Late on Friday, the Trump Administration had issued a statement saying that the United States would incline an additional 25 per cent tariff on French-borne consumer goods such as cosmetics, handbags alongside other imports, worth of roughly $1.3 billion as a part of its response to French digital tax on internet service providers which mostly included US-based tech Goliaths.
Nonetheless, the announcement had also added that an implementation of the move would be delayed as long as 180 days in order to deliver an opportunistic window to resolve the issue through in-person meets and discussions in the OECD (Organization for Economic Co-operation and Development).
In point of fact, the latest move from the Trump Administration announced by the office of USTR (United State Trade Representative) comes over the heels of an earlier section 301 probe, which ruled earlier this year that the French digital taxation rule could be subject to discrimination against a number of US tech conglomerates such as Google, Apple Inc.
and Facebook Inc, while the decision had also mirrored a stubborn stance from France regarding its 3 per cent taxation on digital service providers.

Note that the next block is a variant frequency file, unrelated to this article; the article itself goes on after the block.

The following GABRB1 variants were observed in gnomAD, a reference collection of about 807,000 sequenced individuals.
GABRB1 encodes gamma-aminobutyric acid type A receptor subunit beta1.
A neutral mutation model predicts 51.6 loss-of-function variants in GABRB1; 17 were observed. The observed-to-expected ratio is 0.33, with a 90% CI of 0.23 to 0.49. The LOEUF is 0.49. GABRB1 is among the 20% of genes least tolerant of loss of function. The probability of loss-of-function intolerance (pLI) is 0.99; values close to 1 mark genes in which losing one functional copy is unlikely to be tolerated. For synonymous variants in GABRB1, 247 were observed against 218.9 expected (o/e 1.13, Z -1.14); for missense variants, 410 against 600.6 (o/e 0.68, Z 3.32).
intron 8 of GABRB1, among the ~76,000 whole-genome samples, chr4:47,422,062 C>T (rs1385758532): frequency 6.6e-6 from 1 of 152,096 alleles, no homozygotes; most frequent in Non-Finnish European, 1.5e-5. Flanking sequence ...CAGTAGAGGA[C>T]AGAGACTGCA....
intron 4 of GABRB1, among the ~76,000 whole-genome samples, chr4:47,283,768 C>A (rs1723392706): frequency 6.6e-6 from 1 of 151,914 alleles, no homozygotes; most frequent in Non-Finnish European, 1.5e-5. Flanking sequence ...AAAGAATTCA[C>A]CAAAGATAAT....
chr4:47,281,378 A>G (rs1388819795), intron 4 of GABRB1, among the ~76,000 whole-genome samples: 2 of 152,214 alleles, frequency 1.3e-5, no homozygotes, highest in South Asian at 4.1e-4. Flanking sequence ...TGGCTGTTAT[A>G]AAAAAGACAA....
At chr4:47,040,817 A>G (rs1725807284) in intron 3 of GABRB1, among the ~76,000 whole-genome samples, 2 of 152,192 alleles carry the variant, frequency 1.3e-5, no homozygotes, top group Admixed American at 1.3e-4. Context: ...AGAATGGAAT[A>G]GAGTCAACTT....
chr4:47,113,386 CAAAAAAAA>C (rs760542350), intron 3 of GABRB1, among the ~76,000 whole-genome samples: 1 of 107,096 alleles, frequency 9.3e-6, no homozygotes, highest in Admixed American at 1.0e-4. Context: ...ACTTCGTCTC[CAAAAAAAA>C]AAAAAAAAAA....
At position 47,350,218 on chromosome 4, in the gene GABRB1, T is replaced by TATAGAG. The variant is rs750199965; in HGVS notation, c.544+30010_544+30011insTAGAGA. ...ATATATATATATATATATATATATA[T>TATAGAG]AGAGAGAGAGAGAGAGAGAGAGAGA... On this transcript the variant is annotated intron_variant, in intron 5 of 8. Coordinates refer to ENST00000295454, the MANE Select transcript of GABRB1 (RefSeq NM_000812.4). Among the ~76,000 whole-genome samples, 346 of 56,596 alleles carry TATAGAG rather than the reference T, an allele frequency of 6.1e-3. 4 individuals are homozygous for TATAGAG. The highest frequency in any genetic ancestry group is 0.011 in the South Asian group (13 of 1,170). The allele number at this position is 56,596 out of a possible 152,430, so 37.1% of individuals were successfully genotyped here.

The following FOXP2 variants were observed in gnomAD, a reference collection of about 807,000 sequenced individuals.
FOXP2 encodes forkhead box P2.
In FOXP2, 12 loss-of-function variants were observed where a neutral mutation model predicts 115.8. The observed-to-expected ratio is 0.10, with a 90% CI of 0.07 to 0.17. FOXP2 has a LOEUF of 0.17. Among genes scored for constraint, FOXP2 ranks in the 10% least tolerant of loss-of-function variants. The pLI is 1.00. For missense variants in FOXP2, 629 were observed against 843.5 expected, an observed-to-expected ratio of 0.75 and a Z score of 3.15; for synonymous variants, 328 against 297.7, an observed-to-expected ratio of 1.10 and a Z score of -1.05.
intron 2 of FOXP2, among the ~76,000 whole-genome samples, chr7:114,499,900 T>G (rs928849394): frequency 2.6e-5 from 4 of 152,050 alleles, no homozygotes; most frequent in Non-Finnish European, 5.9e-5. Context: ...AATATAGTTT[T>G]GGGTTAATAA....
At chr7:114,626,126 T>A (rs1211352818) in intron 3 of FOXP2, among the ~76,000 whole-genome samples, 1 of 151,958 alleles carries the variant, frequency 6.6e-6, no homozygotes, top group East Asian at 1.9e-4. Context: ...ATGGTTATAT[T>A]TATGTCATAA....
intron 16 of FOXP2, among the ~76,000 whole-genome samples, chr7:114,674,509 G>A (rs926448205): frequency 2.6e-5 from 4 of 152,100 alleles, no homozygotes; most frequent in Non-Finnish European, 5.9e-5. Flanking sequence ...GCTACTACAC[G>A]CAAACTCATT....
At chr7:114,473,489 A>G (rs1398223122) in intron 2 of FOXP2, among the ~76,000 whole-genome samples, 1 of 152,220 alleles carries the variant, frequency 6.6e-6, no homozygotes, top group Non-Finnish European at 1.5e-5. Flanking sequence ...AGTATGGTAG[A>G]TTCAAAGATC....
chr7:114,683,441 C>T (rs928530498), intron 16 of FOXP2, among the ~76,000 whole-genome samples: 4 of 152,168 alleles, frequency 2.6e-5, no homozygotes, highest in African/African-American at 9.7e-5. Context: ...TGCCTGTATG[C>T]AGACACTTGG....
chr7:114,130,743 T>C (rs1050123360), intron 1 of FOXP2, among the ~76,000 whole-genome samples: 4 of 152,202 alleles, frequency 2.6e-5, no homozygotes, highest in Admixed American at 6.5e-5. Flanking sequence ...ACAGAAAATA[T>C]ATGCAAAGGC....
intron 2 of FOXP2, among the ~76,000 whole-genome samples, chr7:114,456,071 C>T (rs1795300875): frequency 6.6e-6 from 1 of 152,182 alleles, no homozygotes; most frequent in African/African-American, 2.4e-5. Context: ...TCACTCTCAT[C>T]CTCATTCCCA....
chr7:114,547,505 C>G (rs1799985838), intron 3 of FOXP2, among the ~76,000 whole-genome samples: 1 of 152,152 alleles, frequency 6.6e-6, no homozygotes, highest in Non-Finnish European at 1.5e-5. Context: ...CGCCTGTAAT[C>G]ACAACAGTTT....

US set off similar Section 301 probe on 10 other countries which adopted digital taxes
Apart from the section 301 probe on French digital tax aimed at generating a greater revenue from the tech giants which usually profit enormously from the local market, but contribute very little to the public coffers, the United States had also initiated similar probe on ten countries including India, UK and Turkey, all of which had adopted digital taxations on US-based tech conglomerates.
Nonetheless, on last December, the USTR Robert Lighthizer had unveiled a list of $1.3 billion worth of French imports for the first time, which would be subject to 25 per cent added levies, unless the French Government sways away from its planned digital taxation on the US-based tech titans.